It’s been a tough past few years for Darren Till.
The one-time UFC title challenger suffered his fourth loss over his last five fights in September when he succumbed to a rear-naked choke submission at the hands of Derek Brunson at UFC Vegas 36. Till was dominated in the bout, unable to stop the wrestling of his American foe, and the nature of the loss thrust the 28-year-old middleweight into somewhat of a career crossroads. Till admitted Monday on The MMA Hour that it also forced him to do some soul-searching as he tries to rediscover the magic of his early UFC run.
“Fair dues to Brunson, he beat me fair and square. And it just hurts a little bit because like, I mean, I don’t want to disrespect Brunson by saying this, but I just feel like I lost to a man who I should never lose to,” Till explained on The MMA Hour. “Like, I’m a better fighter than Brunson. And yeah, he took me down, but on my best day Brunson takes me down and I bounce right back up and get the finish. And it stung a little bit, but you know what? I see a lot of new faces coming to the UFC, and I just wanted to step back and take stock on what’s important to me and what’s important to me in my life.
“Fighting is still the number-one thing of my life and I just know my potential through and through. And I’ve had a few losses. That’s it. ... I see my age and I compare it to all these other guys in the UFC, and for the amount I’ve done already in the UFC, I’m fairly young and I feel like I’m only going to get better and learn. And I’ve just got to be humble with it and understand. I’ve just got to be really like a realist with it. And it was good just to take a break from the mayhem of being an MMA fighter, especially such a well-known one.”
It’s been rough sledding in the UFC for Till since his 2018 title loss to then-champion Tyron Woodley. The Liverpool native began his octagon career with a blistering 5-0-1 start, highlighted by big wins over Stephen Thompson and Donald Cerrone. At the time, Till was widely viewed as one of the top up-and-comers in the sport, and he carried an unshakable confidence into his bout with Woodley at UFC 228 before losing in a one-sided result.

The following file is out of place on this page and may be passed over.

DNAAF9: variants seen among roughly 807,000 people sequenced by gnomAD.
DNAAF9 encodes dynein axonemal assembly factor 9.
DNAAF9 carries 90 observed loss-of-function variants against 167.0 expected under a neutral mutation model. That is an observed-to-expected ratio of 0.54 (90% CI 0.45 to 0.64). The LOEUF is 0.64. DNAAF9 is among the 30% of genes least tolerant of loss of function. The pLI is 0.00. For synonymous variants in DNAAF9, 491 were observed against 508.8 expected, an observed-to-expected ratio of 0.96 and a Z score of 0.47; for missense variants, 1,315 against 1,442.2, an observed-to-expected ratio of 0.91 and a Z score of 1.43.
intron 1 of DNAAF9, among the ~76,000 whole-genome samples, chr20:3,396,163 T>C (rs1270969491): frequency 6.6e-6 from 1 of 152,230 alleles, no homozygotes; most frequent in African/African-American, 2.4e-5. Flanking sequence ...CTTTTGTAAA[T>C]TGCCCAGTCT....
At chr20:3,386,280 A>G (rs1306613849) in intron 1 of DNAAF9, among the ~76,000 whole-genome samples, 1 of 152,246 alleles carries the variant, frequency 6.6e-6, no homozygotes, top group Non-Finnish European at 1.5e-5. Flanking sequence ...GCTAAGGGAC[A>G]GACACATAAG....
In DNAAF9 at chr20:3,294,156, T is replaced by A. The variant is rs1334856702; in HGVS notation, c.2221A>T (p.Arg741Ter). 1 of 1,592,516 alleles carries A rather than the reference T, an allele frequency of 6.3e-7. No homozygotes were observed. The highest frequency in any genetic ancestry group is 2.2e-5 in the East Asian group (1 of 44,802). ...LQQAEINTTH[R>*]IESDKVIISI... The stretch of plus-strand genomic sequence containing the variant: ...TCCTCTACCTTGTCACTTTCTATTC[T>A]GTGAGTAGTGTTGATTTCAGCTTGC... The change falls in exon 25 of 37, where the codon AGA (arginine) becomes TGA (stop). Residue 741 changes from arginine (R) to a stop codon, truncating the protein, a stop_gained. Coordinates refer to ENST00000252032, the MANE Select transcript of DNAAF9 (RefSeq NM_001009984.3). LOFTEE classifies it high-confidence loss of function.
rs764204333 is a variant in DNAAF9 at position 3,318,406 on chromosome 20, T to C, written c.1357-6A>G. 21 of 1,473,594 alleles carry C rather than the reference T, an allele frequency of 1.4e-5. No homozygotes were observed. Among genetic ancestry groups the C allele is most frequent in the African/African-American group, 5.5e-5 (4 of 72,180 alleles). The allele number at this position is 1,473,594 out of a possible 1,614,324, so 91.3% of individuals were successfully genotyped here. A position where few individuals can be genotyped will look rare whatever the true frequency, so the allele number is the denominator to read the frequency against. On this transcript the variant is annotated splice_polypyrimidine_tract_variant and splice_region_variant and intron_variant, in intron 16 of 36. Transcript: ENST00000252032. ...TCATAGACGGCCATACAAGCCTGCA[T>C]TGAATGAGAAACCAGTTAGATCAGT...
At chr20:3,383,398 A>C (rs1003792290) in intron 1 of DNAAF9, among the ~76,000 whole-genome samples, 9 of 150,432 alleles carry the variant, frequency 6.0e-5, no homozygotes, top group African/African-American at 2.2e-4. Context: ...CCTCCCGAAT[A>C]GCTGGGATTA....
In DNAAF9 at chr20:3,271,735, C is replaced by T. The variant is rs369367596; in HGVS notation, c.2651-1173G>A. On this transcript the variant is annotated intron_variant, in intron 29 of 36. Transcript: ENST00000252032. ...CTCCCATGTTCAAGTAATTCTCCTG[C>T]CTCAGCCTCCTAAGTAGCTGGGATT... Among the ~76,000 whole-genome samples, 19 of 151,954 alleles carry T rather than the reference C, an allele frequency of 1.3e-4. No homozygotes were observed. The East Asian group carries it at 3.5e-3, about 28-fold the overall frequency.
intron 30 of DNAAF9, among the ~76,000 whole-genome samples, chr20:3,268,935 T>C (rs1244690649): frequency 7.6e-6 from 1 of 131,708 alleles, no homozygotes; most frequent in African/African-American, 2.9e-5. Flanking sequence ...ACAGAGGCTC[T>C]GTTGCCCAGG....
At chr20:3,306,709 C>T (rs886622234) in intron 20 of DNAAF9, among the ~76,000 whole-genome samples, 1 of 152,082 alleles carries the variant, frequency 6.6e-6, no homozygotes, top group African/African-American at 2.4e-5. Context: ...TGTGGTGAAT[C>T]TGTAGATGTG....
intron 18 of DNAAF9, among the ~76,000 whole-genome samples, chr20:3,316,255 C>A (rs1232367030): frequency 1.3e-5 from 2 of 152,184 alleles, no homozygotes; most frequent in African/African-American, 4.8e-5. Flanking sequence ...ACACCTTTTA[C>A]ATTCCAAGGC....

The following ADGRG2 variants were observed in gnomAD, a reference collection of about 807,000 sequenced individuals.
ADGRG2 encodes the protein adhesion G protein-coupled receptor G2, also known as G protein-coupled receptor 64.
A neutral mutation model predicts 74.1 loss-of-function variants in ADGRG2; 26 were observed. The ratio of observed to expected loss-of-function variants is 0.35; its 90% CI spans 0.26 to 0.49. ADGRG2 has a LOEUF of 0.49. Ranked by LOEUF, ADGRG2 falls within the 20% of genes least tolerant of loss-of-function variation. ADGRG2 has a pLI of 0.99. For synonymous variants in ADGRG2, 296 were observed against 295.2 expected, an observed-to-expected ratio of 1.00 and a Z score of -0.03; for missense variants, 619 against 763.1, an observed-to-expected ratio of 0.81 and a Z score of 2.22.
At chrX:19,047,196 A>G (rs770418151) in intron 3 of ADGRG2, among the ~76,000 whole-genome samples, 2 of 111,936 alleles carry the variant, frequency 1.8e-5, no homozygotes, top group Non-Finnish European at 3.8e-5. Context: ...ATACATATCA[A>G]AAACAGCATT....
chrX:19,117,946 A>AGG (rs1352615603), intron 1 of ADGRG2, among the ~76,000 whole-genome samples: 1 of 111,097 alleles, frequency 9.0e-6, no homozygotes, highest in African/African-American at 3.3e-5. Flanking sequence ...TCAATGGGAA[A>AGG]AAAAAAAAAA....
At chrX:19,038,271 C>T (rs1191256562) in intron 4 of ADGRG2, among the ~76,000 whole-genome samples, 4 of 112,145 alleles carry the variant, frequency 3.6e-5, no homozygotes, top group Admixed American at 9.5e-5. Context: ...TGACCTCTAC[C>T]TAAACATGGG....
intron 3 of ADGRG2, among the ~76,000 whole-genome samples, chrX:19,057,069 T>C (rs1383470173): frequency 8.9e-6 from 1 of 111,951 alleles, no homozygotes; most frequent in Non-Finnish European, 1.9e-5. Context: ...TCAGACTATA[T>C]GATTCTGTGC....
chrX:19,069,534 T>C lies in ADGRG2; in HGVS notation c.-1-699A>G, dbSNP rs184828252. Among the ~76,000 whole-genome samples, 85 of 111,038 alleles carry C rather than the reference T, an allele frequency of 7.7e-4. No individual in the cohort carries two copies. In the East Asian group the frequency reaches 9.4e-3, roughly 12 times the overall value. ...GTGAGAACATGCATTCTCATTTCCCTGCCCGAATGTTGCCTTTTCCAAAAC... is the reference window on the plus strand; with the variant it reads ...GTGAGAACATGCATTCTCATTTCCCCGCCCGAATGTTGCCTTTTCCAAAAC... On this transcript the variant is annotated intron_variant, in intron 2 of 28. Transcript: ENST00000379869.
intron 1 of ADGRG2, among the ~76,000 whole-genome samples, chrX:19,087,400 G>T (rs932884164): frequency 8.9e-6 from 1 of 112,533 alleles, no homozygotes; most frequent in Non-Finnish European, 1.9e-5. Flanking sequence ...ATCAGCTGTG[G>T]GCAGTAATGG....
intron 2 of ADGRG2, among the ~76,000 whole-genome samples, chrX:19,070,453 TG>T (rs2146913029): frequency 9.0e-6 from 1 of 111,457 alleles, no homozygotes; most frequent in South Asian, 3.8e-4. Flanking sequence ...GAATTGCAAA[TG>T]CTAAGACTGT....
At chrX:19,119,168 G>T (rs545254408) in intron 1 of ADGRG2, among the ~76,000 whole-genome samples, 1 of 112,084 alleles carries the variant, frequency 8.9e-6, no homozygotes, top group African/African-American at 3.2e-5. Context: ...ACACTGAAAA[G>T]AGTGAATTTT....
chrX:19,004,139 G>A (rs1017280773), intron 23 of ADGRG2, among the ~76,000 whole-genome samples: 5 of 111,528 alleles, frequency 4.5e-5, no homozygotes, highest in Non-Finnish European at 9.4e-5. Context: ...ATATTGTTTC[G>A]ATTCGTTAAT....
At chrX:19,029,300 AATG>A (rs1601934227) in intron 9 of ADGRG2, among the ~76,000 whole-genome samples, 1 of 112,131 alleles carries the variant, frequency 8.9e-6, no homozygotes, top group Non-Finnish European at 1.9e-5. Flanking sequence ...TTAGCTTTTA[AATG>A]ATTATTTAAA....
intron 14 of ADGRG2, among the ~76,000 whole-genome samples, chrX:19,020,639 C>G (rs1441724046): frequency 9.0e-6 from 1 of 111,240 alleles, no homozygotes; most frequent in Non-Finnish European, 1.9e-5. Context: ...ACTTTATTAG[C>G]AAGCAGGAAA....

That once-unshakable confidence has since taken hit after hit with each setback. Till followed the Woodley bout with a first-round knockout loss to Jorge Masvidal in March 2019. He then moved up from welterweight to 185 pounds and won a split decision over Kelvin Gastelum before dropping back-to-back bouts against Robert Whittaker and Brunson.
Now Till just wants to regain that same energy he had before things starting going wrong.
“Honestly, years ago, I had this stone-cold confidence,” Till said. “I just knew I was the f*cking sh*t. I just knew I was the best at what I did. And obviously when I come off two losses, that gets knocked a bit. And then I came back, went up a weight [class], obviously beat Kelvin Gastelum who’d very nearly beat the champ who seems unbeatable. And then after that, very, very, very nearly — apart from one takedown, I’d say — beat Robert Whittaker, who I consider, I’ve got him as the favorite going into the fight with Izzy.
“So I know my level, mate. Obviously I’m coming off a loss to Brunson. I’m not trying to disrespect Brunson in no way shape or form, the man beat me fair and square, and fair play, he’s older now, he’ll get his second title shot probably, whatever at the belt, so I’m happy. But I’m not losing to a man like that any day of the week if I’m on it. And I just want that confidence back that I had, with like the work ethic on that, that I’m the f*cking sh*t, because I know I am, mate. Listen, I didn’t spend four years in Brazil to have sh*t takedown defense and not know what to do. F*cking right I know what to do, mate.
“I know how to defend a takedown and get back to me feet. I’ve showed it,” Till continued. “No man has ever taken me down and kept me on the ground. No one. Whittaker’s not far behind Brunson in the wrestling department, and when he was taking me down in the fifth round with a torn MCL, I was bouncing straight back up. I know what I’m doing. But it’s just the last fight, he was able to nullify me and win. I just want that f*cking stone-cold confidence back I had when I’m going forward [with my career], and I’ll get it. I will get it.”
Till admitted that he has used Charles Oliveira as somewhat of an inspiration as he works his way back. Oliveira began his UFC career with a 10-8 (1 NC) record in his first 19 appearances before reversing his fortunes and ripping through his current 10-fight win streak to become UFC lightweight champion — a streak Oliveira continued on Saturday at UFC 269 with a third-round submission over Dustin Poirier as a betting underdog.
Till is still confident that one day he’ll be able to do the same.
In the interim, Till admitted that there’s a “massive” chance he competes at the UFC’s rumored return to London in March 2022, and that he’d be interested in a bout against Uriah Hall, who is currently the No. 11 ranked middleweight on MMA Fighting’s Global Rankings, though he added that he has options regarding a potential opponent.
“I know what I possess inside of me,” Till said. “I know why all these people believe in me and why I should believe in myself, because I’m f*cking good. I know who I am, and that’s all it is. It’s just a few little tweaks and a few little adjustments and I’m right back there. Trust me, I’ll be right back there breaking records and beating all these bests.
“Trust me on that, mate. I promise you.”